“Economic expansion and the jobs recovery will lead to rises in occupancy across all commercial real estate property types.”
Both the CRE Finance Council and the second from the National Association of Realtors see signs of a strong commercial real estate rebound coming over the next 12 months.
Lawrence Yun, chief economist at the National Association of Realtors, expected that a year of savings and unspent stimulus funds would turn into capital about to land in the economy in the second quarter of 2021.
“Economic expansion and the jobs recovery will lead to rises in occupancy across all commercial real estate property types,” Yun said at the NAR’s Commercial Economic Issues and Trends Forum.
Beneficiaries would include entertainment and hospitality companies as pandemic restrictions lift, Yun said, though the activity will likely create some headwinds. Also, vacancy rates in multifamily will likely drop as rents again rise.
“However, overall consumer price inflation is expected to increase 3% by the end of 2021 and likely will stay stubbornly high through next year, which will increase interest rates to 3.5%,” he said.
John D. Worth, executive vice president for research and investor outreach at Nareit, also speaking at the same conference, said that commercial valuations are returning to higher figures but unevenly. The best performing are such processes as cell towers, data centers and logistics facilities, single-family homes, self-storage, and timber. On the other hand, office vacancy rates are likely to remain high for now.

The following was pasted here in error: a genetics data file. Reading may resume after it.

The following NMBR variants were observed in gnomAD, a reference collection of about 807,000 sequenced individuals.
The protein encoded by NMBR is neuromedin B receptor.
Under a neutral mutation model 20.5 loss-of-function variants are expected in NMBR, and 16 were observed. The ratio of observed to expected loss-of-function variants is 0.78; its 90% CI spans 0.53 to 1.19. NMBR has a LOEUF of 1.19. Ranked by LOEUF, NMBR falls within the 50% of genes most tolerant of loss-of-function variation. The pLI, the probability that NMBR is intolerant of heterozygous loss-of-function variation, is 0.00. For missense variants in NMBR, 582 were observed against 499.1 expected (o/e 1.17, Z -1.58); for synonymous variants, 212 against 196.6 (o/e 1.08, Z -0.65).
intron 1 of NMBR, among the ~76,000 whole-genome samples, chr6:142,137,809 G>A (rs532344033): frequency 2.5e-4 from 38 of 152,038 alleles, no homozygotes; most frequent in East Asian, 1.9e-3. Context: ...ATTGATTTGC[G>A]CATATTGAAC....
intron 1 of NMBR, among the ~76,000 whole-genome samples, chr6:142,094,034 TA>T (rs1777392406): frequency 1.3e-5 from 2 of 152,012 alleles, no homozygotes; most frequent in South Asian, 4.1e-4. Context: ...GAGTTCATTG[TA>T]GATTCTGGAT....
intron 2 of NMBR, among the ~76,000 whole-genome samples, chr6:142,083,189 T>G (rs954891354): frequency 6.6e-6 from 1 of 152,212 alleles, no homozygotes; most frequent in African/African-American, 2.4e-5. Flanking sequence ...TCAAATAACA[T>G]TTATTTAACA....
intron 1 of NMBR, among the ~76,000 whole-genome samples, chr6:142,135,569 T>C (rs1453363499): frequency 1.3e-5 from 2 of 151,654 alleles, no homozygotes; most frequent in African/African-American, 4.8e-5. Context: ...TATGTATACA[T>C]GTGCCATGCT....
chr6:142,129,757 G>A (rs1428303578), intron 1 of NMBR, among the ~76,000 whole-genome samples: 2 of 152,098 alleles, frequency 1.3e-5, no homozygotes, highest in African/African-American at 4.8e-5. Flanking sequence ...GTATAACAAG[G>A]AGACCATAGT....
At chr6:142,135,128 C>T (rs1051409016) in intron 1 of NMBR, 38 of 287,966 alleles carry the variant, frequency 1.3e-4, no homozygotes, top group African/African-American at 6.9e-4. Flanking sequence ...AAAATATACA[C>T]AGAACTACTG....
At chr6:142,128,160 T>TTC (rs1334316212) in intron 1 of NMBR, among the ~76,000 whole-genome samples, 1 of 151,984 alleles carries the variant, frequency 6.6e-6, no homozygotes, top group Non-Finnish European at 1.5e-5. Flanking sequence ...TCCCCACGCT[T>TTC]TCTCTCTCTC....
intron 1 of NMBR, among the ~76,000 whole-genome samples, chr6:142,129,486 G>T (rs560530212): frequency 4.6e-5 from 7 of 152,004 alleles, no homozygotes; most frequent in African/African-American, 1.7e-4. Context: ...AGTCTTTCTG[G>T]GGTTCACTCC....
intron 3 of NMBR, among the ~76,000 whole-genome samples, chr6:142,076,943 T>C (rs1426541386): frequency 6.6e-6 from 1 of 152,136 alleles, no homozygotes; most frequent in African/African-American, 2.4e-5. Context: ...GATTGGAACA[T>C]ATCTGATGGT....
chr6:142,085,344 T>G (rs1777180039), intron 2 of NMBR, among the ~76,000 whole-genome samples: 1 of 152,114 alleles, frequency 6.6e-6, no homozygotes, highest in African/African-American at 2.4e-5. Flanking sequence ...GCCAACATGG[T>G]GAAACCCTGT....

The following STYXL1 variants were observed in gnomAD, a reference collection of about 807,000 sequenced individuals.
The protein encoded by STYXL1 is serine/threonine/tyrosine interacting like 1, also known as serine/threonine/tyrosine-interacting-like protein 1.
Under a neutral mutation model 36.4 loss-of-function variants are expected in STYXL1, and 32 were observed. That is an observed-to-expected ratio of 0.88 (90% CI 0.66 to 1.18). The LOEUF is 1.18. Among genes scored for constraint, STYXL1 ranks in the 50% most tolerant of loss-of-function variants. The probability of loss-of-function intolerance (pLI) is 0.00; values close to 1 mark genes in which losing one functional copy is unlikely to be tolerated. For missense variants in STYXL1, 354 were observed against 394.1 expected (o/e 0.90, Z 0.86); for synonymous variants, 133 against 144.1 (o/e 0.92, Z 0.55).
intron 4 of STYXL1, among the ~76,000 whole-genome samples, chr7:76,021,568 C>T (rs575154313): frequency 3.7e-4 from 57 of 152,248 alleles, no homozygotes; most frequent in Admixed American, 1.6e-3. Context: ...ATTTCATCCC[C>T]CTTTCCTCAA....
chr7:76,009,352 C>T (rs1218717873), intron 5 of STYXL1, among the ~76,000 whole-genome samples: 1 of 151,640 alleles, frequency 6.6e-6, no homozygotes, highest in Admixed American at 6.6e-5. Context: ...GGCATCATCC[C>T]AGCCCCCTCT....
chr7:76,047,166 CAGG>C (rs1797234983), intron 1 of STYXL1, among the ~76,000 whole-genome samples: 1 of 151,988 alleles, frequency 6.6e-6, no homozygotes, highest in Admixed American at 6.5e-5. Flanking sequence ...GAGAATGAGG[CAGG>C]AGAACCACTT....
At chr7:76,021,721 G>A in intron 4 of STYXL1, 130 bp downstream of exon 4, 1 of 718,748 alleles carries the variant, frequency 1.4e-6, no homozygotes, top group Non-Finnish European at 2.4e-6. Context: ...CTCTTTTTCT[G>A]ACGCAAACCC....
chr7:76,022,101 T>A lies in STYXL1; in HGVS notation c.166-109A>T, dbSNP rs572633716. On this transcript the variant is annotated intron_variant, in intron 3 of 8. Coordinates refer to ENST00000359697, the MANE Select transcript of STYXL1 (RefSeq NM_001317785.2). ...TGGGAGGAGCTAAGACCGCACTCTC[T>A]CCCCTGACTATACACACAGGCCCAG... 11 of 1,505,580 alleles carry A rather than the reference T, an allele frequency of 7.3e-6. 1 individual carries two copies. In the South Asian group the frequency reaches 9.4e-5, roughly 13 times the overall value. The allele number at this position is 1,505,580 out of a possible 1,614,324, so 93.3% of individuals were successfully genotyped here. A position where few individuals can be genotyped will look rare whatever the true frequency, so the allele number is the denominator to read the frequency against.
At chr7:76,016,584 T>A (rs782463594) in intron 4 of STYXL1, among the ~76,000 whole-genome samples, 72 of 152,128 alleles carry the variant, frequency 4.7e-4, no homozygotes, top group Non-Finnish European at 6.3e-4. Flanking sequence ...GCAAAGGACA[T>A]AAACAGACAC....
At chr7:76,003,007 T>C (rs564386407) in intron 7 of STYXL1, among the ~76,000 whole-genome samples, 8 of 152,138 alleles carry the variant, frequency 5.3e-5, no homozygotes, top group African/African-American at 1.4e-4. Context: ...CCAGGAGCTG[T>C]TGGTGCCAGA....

Meanwhile, CREFC announced results of its First-Quarter 2021 CREFC Board of Governors’ (BOG) Sentiment Index Survey and Special COVID-19 Survey. In it, 95% of the board expected better US economic performance over the next 12 months, much better than the 77% in the last quarter of 2020.
“Only 13% held a negative view of CRE fundamentals compared with 43% in the prior quarter with nearly three of four Board members indicating a positive sentiment for all CRE finance businesses over the coming year,” the report said. “One area of concern expressed by Board members was the potential for higher rates over the next 12 months and their impact on CRE finance related businesses.”
A majority of 65% expected foreclosures and REO to be manageable and 56% think that full-year commercial and multifamily lending to jump by a fifth over 2020. Industrial was seen as the natural leader in growth this year, while retail is faring the worst.
As for travel, more than three-quarters of the board of governors expected leisure travel to bounce back quickly but corporate to have a slower pace of recovery, the latter of which could leave hotels high and dry.
Source: “Two Studies See Strong Rebound in CRE Expectations”